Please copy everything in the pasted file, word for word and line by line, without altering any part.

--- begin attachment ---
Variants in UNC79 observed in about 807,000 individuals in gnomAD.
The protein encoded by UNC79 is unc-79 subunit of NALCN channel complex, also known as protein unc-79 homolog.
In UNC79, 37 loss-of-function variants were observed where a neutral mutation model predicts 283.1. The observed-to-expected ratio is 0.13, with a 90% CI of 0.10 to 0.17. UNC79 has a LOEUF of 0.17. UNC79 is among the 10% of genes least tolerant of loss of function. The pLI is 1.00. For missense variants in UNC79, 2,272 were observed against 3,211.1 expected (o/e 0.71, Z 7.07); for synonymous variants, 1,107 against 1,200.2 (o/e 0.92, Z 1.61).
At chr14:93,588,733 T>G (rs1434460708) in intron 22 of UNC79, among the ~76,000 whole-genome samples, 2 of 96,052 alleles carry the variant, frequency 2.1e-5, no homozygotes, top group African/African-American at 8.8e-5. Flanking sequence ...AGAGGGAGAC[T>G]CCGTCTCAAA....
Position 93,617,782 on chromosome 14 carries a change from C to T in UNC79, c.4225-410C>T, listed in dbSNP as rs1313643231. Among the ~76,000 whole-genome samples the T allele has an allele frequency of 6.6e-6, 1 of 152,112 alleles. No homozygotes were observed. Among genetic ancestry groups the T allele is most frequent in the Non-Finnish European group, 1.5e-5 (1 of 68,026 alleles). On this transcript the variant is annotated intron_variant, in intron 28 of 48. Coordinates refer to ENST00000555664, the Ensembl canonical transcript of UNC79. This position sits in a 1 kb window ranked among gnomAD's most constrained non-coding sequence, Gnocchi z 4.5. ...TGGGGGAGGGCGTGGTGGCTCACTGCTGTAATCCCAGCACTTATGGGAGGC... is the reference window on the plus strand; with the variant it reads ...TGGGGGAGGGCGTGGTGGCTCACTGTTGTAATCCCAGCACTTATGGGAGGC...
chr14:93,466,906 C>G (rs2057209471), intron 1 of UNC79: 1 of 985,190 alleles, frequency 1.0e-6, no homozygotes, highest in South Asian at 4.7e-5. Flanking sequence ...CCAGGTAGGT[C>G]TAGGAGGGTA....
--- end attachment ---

Variants in UNC79 observed in about 807,000 individuals in gnomAD.
The protein encoded by UNC79 is unc-79 subunit of NALCN channel complex, also known as protein unc-79 homolog.
In UNC79, 37 loss-of-function variants were observed where a neutral mutation model predicts 283.1. The observed-to-expected ratio is 0.13, with a 90% CI of 0.10 to 0.17. UNC79 has a LOEUF of 0.17. UNC79 is among the 10% of genes least tolerant of loss of function. The pLI is 1.00. For missense variants in UNC79, 2,272 were observed against 3,211.1 expected (o/e 0.71, Z 7.07); for synonymous variants, 1,107 against 1,200.2 (o/e 0.92, Z 1.61).
At chr14:93,588,733 T>G (rs1434460708) in intron 22 of UNC79, among the ~76,000 whole-genome samples, 2 of 96,052 alleles carry the variant, frequency 2.1e-5, no homozygotes, top group African/African-American at 8.8e-5. Flanking sequence ...AGAGGGAGAC[T>G]CCGTCTCAAA....
Position 93,617,782 on chromosome 14 carries a change from C to T in UNC79, c.4225-410C>T, listed in dbSNP as rs1313643231. Among the ~76,000 whole-genome samples the T allele has an allele frequency of 6.6e-6, 1 of 152,112 alleles. No homozygotes were observed. Among genetic ancestry groups the T allele is most frequent in the Non-Finnish European group, 1.5e-5 (1 of 68,026 alleles). On this transcript the variant is annotated intron_variant, in intron 28 of 48. Coordinates refer to ENST00000555664, the Ensembl canonical transcript of UNC79. This position sits in a 1 kb window ranked among gnomAD's most constrained non-coding sequence, Gnocchi z 4.5. ...TGGGGGAGGGCGTGGTGGCTCACTGCTGTAATCCCAGCACTTATGGGAGGC... is the reference window on the plus strand; with the variant it reads ...TGGGGGAGGGCGTGGTGGCTCACTGTTGTAATCCCAGCACTTATGGGAGGC...
chr14:93,466,906 C>G (rs2057209471), intron 1 of UNC79: 1 of 985,190 alleles, frequency 1.0e-6, no homozygotes, highest in South Asian at 4.7e-5. Flanking sequence ...CCAGGTAGGT[C>G]TAGGAGGGTA....